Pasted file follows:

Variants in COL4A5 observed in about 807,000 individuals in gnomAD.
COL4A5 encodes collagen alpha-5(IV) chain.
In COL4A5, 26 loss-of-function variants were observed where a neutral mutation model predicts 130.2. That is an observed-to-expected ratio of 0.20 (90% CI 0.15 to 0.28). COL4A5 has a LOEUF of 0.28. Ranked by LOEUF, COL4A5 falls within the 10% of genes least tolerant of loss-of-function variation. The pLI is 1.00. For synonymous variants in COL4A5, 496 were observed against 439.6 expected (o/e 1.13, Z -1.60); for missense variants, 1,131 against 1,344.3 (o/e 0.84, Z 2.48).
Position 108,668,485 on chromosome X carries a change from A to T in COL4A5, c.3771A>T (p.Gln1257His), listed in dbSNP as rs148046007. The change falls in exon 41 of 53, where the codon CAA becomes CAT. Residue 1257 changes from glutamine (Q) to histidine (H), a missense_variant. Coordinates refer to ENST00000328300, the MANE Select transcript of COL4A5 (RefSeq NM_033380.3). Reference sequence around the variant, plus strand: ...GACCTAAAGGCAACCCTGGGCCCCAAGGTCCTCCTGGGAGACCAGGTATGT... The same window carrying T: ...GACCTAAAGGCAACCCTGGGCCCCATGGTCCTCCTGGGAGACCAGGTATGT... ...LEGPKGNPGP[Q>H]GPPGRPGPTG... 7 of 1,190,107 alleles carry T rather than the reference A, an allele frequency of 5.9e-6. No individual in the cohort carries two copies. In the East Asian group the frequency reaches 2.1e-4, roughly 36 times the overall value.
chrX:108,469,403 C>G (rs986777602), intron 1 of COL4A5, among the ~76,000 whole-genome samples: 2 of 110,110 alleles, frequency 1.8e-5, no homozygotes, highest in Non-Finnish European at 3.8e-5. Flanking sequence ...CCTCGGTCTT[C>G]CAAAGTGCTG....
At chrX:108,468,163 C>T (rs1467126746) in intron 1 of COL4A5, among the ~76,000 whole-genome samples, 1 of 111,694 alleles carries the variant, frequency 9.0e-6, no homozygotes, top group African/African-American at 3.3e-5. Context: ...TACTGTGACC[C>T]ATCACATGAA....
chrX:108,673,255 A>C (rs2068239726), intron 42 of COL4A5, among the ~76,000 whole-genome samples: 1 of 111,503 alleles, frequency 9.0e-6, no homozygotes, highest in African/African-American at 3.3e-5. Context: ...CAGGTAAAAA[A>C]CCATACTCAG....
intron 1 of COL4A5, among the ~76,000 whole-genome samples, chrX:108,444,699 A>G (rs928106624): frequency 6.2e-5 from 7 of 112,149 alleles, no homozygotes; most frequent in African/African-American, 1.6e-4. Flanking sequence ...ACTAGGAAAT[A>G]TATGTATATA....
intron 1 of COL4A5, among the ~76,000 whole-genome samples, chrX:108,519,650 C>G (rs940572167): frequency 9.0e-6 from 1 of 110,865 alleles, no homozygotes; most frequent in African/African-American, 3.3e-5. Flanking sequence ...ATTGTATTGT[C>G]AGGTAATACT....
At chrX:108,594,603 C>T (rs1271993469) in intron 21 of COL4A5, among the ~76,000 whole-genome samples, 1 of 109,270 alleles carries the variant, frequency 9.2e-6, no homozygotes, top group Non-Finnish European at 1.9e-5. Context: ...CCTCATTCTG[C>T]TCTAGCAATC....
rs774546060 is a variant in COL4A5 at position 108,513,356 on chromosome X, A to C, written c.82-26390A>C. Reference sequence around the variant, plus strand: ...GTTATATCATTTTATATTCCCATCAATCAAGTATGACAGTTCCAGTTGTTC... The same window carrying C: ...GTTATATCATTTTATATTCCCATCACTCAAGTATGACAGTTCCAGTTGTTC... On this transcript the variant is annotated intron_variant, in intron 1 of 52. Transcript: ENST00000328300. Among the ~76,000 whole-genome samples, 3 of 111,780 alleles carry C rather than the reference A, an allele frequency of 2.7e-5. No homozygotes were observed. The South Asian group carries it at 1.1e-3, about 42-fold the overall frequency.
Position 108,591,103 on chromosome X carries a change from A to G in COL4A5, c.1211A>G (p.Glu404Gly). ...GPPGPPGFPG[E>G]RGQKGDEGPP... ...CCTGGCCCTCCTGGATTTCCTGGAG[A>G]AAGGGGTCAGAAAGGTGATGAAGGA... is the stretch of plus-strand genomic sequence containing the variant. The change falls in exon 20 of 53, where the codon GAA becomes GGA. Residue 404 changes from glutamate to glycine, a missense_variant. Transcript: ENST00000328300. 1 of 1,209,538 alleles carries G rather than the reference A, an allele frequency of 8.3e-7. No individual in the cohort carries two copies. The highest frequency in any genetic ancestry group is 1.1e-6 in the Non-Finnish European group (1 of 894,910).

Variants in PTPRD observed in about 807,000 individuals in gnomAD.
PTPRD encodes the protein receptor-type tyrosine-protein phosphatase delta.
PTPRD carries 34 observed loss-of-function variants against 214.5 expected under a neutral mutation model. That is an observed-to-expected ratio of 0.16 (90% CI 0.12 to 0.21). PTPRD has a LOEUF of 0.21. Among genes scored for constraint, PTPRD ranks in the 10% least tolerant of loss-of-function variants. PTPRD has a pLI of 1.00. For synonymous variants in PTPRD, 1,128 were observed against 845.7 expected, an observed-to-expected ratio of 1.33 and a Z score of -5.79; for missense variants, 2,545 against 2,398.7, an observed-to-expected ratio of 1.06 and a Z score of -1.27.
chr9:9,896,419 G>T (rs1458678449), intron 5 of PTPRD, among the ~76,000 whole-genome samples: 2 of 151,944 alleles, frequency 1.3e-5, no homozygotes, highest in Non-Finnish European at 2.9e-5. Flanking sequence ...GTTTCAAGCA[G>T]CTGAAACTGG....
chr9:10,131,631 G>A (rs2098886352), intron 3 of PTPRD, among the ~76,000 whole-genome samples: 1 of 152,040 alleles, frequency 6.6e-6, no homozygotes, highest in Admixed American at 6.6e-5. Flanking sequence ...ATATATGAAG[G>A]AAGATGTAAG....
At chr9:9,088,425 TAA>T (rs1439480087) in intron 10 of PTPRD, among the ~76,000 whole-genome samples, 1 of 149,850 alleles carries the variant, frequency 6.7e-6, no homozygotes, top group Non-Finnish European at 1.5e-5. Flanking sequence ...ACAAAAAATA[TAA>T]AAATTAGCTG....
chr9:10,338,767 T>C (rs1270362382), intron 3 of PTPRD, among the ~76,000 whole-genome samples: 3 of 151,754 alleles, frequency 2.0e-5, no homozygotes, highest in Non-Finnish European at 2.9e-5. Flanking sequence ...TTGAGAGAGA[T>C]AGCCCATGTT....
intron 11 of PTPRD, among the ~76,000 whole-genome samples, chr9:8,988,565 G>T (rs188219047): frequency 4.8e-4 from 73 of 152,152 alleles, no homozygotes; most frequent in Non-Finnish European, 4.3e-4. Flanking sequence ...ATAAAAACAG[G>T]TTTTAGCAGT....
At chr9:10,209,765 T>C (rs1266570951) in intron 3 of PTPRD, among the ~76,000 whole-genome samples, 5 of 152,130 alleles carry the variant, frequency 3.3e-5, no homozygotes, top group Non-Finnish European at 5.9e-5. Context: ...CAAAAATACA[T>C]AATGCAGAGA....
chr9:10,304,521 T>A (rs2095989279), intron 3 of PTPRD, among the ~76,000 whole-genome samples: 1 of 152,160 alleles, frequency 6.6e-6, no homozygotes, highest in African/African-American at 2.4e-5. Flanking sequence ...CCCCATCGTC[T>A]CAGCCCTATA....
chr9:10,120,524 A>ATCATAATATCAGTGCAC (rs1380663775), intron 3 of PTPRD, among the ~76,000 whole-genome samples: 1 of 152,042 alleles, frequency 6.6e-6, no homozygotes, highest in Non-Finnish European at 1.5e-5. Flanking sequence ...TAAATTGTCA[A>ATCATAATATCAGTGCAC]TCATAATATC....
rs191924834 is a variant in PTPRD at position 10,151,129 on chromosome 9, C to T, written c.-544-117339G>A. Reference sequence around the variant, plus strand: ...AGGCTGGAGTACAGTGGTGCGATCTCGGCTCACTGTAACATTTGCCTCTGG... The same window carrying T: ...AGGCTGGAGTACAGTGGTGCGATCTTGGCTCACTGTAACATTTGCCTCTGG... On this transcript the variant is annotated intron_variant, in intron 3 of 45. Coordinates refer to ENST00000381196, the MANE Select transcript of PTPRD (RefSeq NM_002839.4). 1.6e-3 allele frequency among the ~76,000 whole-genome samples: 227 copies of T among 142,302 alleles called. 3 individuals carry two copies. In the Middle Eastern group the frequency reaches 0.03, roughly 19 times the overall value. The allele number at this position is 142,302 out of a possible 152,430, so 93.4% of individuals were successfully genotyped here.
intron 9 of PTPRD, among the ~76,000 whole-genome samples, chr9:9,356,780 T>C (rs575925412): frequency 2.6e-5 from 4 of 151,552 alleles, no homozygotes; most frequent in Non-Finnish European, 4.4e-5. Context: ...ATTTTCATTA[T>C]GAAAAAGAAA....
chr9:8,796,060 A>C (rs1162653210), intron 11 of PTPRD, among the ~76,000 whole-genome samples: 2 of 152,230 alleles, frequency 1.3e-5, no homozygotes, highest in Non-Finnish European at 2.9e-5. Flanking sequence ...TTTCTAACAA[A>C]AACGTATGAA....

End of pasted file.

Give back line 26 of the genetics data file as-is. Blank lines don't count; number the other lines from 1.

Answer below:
chr9:8,796,060 A>C (rs1162653210), intron 11 of PTPRD, among the ~76,000 whole-genome samples: 2 of 152,230 alleles, frequency 1.3e-5, no homozygotes, highest in Non-Finnish European at 2.9e-5. Flanking sequence ...TTTCTAACAA[A>C]AACGTATGAA....